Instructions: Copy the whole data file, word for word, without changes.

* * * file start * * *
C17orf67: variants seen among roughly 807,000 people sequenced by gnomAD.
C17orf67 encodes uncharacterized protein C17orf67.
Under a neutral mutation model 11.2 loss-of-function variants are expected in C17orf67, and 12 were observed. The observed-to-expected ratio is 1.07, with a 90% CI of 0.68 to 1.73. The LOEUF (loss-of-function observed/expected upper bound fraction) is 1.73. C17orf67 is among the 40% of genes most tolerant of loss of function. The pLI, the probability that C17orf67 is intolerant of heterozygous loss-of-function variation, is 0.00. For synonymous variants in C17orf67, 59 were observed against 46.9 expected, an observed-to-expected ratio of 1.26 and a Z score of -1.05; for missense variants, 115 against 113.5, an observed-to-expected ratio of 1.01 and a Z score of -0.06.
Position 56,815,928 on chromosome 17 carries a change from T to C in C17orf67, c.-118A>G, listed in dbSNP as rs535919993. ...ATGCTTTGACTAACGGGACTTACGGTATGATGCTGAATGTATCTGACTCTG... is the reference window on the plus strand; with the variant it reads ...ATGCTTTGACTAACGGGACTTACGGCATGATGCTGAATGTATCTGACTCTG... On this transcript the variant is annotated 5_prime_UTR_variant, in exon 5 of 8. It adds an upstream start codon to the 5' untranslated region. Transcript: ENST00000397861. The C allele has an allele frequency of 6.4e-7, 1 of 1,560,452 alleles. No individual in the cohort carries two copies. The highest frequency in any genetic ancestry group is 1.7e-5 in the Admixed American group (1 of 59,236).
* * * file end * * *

C17orf67: variants seen among roughly 807,000 people sequenced by gnomAD.
C17orf67 encodes uncharacterized protein C17orf67.
Under a neutral mutation model 11.2 loss-of-function variants are expected in C17orf67, and 12 were observed. The observed-to-expected ratio is 1.07, with a 90% CI of 0.68 to 1.73. The LOEUF (loss-of-function observed/expected upper bound fraction) is 1.73. C17orf67 is among the 40% of genes most tolerant of loss of function. The pLI, the probability that C17orf67 is intolerant of heterozygous loss-of-function variation, is 0.00. For synonymous variants in C17orf67, 59 were observed against 46.9 expected, an observed-to-expected ratio of 1.26 and a Z score of -1.05; for missense variants, 115 against 113.5, an observed-to-expected ratio of 1.01 and a Z score of -0.06.
Position 56,815,928 on chromosome 17 carries a change from T to C in C17orf67, c.-118A>G, listed in dbSNP as rs535919993. ...ATGCTTTGACTAACGGGACTTACGGTATGATGCTGAATGTATCTGACTCTG... is the reference window on the plus strand; with the variant it reads ...ATGCTTTGACTAACGGGACTTACGGCATGATGCTGAATGTATCTGACTCTG... On this transcript the variant is annotated 5_prime_UTR_variant, in exon 5 of 8. It adds an upstream start codon to the 5' untranslated region. Transcript: ENST00000397861. The C allele has an allele frequency of 6.4e-7, 1 of 1,560,452 alleles. No individual in the cohort carries two copies. The highest frequency in any genetic ancestry group is 1.7e-5 in the Admixed American group (1 of 59,236).